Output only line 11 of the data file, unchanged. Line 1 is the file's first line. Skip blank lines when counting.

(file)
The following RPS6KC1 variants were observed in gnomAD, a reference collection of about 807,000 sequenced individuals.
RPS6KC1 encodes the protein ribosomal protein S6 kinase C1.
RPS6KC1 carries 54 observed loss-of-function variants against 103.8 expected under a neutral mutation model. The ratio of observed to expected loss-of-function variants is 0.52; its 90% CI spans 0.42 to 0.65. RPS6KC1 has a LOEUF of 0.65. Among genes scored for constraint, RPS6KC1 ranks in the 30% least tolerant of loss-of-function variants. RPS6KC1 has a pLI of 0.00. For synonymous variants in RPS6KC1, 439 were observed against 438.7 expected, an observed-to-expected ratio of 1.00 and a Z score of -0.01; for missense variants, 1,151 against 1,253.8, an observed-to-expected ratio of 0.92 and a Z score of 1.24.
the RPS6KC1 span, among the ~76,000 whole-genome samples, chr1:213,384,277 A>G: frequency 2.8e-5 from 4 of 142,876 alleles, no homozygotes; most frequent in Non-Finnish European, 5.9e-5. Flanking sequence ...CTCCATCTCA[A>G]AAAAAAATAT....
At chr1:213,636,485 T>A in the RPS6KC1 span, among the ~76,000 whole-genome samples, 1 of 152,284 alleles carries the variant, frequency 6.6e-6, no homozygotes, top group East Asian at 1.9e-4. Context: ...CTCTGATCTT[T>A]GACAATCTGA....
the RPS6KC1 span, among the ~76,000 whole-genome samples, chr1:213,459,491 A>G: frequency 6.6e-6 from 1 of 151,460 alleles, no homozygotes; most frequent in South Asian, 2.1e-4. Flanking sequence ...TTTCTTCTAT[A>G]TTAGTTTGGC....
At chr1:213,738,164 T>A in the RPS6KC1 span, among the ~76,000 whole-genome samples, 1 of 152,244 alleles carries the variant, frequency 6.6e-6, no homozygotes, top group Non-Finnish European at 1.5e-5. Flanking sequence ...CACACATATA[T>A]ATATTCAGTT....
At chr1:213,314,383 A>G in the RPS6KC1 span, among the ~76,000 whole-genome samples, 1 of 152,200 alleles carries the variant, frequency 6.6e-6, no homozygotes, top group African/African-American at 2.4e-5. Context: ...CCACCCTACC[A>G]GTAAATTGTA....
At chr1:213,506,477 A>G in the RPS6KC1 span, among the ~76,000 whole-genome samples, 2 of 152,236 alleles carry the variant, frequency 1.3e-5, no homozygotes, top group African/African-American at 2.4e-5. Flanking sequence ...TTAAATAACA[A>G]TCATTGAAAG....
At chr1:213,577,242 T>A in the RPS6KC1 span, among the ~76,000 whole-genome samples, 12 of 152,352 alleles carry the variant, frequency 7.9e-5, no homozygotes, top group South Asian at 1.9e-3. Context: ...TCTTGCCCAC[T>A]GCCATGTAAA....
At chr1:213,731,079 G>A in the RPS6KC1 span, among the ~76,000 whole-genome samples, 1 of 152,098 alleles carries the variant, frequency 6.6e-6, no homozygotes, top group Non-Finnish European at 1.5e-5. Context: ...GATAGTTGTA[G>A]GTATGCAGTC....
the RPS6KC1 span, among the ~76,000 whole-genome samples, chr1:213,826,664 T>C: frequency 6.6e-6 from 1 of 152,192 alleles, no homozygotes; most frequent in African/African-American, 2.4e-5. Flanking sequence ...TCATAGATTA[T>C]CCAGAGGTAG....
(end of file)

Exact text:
At chr1:213,731,079 G>A in the RPS6KC1 span, among the ~76,000 whole-genome samples, 1 of 152,098 alleles carries the variant, frequency 6.6e-6, no homozygotes, top group Non-Finnish European at 1.5e-5. Context: ...GATAGTTGTA[G>A]GTATGCAGTC....